( ENSPIRE Entertainment ) Fuhzounese Youtuber and Social Media Personality Discusses Personal Life and Career
ENSPIRE Contributor: Daniel Garritson
Dave Disci is a Fuhzounese YouTuber and an expert on Asian pop culture. Though he has been active online since 2014, he started gaining traction on YouTube in 2017 when he began uploading commentary videos on K-Pop music and the industry. Disci’s content varies from platform to platform, from vlog-style videos to coverage of conspiracy theories and urban legends on his TikTok. His content is attention-grabbing and he releases new videos frequently.
However, perhaps the most impactful of Disci’s content is on his Instagram page. Here, Disci is the most candid. He posts about his personal life, from his relationship with his family to his personal journal about his sexuality and identity, to his struggles with mental health. This look into his authentic self contrasts his more entertainment-focused content. This interpersonal style of posting also serves to break stigmas surrounding things like sexuality and mental health struggles.
At ENSPIRE, we had the opportunity to interview Dave about his experience as an influencer and how his identity has influenced his life and career.
You’re a Fuzhounese American. Has it ever been challenging to be a member of an ethnic minority that few people in the United States are aware of, in comparison to, for example, people who consider themselves simply “Chinese American”?
It is difficult. My experience is going to be vastly different from others but because I did not grow up speaking Mandarin Chinese, there was a lot of discrimination within our own culture. Chinese people do not like it when fellow Chinese people do not speak Mandarin. So much so that you get mocked and yelled at. And the best-case scenario, you are just treated poorly at a Chinese restaurant. Not speaking it perfectly is almost like a crime to some people. It’s not actually but I feel like I’m treated like it is at times.
It became this odd battle of really not fitting in with the Chinese culture and then clearly not fitting in with the American culture. So finding myself through that was very difficult. However, Fuzhounese has been slowly on the decline and because I grew up speaking it, I’ll be one of the few millions that know it. You can always learn Mandarin Chinese, but Fuzhounese does not have a written language.
You appeared on an episode of MTV’s “One Style Fits All”, talking with co-hosts about Harry Styles’ fashion sense and how he has influenced your own personal style. If the show were to gain a revival and you were asked to pick a style icon trending in 2023, would it still be Harry Styles?
I love Harry Styles and I think his fashion has changed significantly over the years to fit my aesthetic and vibe even more. I would choose Harry for sure. I would also like to choose other celebrities like Jung Kook or Jimin should I be asked to join again.
However, the experience I received from doing the episode was quite stressful and a bit traumatizing if I can be honest so if there is a revival and they do ask me, I probably could not do it if the experience was the same. I felt often very disrespected when people would mispronounce my name and when I would correct them I was met with “Oh yeah whatever”.
I was also promised a ride home which was never given to me so I was stranded. And even something like credit I felt I was pulling teeth for. There were just too many things I did not enjoy and dressing up as your favorite idol should not be this stressful of an experience.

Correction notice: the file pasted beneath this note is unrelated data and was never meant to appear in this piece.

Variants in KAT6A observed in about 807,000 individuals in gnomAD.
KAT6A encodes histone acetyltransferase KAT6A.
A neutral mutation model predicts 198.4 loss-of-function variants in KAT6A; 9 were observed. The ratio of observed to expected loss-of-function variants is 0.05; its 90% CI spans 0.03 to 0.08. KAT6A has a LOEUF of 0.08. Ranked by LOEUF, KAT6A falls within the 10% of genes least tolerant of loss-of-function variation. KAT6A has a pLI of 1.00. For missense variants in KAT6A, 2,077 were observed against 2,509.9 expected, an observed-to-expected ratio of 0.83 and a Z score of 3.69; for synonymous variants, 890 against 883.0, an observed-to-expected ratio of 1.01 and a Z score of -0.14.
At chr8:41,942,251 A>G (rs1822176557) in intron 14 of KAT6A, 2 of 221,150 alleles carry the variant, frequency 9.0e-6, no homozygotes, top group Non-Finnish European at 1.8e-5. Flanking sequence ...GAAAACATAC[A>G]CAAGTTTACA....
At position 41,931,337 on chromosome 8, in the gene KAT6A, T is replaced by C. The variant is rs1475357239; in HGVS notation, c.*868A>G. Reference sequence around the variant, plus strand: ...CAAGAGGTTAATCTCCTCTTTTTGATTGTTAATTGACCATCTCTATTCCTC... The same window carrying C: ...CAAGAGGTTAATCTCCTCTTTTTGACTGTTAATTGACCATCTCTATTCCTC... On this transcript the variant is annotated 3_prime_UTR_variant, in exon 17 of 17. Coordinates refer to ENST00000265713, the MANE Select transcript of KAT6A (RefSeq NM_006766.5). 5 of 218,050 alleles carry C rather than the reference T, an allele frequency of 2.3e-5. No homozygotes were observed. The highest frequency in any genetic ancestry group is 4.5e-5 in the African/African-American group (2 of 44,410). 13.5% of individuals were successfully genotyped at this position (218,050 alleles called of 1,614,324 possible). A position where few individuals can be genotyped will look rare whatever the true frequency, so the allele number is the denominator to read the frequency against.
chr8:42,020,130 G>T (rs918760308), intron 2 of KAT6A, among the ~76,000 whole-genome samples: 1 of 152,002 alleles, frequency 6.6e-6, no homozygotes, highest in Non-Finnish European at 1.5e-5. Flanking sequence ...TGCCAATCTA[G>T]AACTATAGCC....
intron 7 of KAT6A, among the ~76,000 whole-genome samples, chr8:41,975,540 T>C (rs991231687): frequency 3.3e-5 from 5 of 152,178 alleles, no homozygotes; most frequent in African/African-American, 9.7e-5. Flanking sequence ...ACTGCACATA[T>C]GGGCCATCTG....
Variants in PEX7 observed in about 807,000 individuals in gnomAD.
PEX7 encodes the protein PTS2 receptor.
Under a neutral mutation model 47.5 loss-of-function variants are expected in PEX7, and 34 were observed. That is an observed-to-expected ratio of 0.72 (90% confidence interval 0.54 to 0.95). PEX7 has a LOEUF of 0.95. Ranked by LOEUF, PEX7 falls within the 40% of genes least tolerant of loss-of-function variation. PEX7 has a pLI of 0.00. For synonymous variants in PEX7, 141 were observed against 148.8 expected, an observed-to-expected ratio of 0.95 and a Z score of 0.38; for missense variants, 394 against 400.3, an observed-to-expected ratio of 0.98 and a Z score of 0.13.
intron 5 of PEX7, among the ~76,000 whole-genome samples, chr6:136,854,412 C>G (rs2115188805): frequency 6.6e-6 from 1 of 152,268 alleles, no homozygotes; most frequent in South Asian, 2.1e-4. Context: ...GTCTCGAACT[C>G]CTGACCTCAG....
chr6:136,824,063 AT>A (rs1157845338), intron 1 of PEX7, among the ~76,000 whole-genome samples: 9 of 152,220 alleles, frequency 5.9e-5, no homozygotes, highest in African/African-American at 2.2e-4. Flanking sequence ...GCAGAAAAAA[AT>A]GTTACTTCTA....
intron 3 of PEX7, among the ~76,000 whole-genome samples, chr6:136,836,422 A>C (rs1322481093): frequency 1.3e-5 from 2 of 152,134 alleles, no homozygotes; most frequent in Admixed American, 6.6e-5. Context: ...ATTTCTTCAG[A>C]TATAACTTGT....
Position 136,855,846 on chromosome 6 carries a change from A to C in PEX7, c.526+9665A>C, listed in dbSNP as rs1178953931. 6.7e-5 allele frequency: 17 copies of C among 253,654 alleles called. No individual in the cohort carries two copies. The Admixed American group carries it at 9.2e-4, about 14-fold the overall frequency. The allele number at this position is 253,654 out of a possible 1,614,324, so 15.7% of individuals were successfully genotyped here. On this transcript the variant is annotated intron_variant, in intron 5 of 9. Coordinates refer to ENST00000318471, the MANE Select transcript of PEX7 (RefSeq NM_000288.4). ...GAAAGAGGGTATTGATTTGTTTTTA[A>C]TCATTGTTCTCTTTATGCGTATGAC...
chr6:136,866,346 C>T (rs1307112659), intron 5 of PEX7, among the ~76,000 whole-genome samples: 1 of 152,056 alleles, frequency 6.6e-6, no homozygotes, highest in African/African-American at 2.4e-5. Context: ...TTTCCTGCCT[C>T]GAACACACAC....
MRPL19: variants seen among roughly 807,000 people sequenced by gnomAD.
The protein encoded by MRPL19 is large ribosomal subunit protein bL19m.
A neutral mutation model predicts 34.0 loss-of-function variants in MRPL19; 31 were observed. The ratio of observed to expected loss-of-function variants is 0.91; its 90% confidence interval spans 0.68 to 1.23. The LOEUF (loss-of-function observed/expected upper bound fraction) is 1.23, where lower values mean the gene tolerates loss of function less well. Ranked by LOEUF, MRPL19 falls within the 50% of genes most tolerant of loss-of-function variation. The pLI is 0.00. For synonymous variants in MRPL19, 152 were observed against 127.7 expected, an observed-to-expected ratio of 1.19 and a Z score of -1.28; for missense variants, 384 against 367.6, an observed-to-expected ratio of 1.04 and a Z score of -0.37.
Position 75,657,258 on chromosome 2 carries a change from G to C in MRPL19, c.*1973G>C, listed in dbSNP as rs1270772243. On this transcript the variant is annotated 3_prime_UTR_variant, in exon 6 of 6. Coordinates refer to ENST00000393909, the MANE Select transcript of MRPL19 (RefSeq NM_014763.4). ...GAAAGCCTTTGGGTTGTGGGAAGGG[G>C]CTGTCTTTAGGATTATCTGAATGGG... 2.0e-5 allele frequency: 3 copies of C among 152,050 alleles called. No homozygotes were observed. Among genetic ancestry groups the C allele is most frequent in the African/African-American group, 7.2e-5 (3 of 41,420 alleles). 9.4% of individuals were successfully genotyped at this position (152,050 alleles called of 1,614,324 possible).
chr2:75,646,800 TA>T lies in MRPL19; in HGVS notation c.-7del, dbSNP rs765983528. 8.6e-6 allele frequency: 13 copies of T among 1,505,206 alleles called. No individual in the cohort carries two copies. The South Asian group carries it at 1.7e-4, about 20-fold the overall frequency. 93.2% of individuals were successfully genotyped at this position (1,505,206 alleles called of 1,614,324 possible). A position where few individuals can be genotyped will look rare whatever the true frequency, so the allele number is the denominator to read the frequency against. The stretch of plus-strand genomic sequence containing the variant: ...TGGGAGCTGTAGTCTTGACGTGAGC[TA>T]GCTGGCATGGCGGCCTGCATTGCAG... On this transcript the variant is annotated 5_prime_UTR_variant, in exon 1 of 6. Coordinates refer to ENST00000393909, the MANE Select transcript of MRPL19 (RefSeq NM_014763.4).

Last year during pride month you were invited to the New Jersey Garden State Equality Ball for LGBTQIA+ charity. Do you have any plans/hopes to attend similar events this year?
I would love to! I struggle getting invited to these sorts of situations, I was actually invited by my friend who works as a political campaign manager and thought I could raise awareness for the event. I always would love to go and raise awareness for such events. I could speak with Congressmen to talk about what their support means for the community. So yes, I would love to go again.
You’ve discussed your struggles with past trauma and mental health on your Instagram page, which surely took a lot of courage. Was it very difficult to show that kind of vulnerability so publicly?
Yes and no. It felt very therapeutic for me to say it publicly. Because I felt like a lot of my friends and family and specifically distant family do not know. They look at my intermediate family and think that everything is okay and very well when in reality it is not. And to be honest, it was a cry for help and my last attempt to try and fix my family’s relationship.
I really was hoping a distant family member would have seen the post and talked to my family about needing to make a change because my family thinks they do nothing wrong. But that did not happen. The part that was scary for me was that I didn’t want my friends to throw pity at me or think of me as someone who complains too much. Luckily, that did not happen.
Has it been strange to see K-Pop music rising so quickly in popularity in the past decade when media from East Asia hasn’t historically been so mainstream in the US? Or is it nice to see so many people enjoying something not from the West?
It’s very nice to see. I think seeing anything go from underground to mainstream is very exciting. It’s exciting to see the rise of Asian culture and people accepting that. We see more Asian faces in the media and specifically male faces, which has helped shift the narrative that “all Asian men are ugly”. And I think that has been the most exciting for me. To me, the actual music comes second. I care more about the impact of another culture coming to the mainstream and K-pop music kind of just serves as the catalyst or launcher.